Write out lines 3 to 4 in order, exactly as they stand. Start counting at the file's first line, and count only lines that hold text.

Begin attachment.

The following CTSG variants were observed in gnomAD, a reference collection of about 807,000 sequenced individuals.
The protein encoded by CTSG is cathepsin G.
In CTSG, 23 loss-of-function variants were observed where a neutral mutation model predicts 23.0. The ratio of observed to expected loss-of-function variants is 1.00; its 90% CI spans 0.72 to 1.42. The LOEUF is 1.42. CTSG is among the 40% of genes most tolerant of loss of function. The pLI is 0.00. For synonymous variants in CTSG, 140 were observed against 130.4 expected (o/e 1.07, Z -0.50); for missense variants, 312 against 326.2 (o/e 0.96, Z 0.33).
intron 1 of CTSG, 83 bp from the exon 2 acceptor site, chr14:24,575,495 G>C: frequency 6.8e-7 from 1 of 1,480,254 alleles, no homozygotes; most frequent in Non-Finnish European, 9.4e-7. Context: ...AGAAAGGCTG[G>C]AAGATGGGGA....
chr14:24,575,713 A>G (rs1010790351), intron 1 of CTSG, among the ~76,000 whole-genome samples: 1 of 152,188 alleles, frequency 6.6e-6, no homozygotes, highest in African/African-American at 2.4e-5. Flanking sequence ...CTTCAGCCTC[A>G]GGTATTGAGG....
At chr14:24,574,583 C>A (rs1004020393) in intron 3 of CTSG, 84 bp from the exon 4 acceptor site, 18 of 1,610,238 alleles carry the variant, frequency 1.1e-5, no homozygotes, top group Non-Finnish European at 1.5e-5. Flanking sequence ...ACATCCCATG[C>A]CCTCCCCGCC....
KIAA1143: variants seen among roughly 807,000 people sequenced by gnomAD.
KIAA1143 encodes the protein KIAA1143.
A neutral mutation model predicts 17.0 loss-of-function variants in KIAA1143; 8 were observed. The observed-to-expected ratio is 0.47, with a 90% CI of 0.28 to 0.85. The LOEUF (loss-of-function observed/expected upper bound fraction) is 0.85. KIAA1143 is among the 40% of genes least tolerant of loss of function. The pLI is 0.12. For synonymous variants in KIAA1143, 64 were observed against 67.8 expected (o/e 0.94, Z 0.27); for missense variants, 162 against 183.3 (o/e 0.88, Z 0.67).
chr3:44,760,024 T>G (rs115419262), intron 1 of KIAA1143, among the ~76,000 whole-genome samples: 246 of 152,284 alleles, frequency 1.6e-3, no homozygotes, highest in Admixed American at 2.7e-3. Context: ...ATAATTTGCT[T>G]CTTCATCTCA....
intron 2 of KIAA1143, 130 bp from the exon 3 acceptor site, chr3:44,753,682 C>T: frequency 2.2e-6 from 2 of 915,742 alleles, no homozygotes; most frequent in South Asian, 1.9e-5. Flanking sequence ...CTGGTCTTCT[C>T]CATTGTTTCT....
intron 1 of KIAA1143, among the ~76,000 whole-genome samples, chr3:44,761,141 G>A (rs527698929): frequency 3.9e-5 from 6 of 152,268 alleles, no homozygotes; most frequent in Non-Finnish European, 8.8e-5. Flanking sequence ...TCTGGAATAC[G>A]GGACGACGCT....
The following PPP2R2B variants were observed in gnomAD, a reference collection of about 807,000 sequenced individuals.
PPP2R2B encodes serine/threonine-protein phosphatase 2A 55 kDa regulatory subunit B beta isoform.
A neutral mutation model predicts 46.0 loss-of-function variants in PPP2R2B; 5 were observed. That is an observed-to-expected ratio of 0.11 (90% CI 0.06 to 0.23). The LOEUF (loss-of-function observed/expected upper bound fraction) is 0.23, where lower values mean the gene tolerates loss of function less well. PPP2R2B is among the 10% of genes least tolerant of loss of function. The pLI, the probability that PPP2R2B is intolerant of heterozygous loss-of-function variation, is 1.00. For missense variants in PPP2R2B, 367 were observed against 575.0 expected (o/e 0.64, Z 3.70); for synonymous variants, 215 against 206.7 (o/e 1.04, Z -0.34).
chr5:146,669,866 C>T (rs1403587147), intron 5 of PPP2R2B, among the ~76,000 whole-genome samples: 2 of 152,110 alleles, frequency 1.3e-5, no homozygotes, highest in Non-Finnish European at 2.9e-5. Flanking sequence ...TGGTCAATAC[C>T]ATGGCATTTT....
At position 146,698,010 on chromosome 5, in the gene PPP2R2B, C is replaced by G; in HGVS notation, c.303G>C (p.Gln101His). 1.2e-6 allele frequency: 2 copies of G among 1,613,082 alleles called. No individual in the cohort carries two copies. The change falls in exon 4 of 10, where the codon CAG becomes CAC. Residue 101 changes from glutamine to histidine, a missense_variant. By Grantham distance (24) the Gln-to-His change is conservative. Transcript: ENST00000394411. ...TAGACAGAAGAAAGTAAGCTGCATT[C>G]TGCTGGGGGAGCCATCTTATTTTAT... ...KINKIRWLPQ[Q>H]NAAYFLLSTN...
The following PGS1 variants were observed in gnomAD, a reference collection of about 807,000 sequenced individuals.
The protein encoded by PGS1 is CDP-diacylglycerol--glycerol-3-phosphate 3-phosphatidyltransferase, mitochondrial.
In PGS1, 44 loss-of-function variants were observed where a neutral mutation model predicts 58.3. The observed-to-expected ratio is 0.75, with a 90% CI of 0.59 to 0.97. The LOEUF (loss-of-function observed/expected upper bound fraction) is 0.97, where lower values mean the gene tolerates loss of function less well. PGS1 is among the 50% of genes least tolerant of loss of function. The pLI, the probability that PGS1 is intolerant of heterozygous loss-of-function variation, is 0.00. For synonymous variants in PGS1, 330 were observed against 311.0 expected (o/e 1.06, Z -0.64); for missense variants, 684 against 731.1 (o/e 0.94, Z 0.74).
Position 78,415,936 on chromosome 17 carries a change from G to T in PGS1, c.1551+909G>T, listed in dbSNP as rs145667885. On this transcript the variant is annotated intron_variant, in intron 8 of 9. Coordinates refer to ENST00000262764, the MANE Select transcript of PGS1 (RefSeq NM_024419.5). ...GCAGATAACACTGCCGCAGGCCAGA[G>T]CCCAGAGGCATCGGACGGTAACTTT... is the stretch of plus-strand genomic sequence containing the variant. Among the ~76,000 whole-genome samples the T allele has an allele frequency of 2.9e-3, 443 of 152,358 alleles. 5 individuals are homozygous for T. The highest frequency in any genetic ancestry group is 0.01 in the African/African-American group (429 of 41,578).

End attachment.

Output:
In CTSG, 23 loss-of-function variants were observed where a neutral mutation model predicts 23.0. The ratio of observed to expected loss-of-function variants is 1.00; its 90% CI spans 0.72 to 1.42. The LOEUF is 1.42. CTSG is among the 40% of genes most tolerant of loss of function. The pLI is 0.00. For synonymous variants in CTSG, 140 were observed against 130.4 expected (o/e 1.07, Z -0.50); for missense variants, 312 against 326.2 (o/e 0.96, Z 0.33).
intron 1 of CTSG, 83 bp from the exon 2 acceptor site, chr14:24,575,495 G>C: frequency 6.8e-7 from 1 of 1,480,254 alleles, no homozygotes; most frequent in Non-Finnish European, 9.4e-7. Context: ...AGAAAGGCTG[G>C]AAGATGGGGA....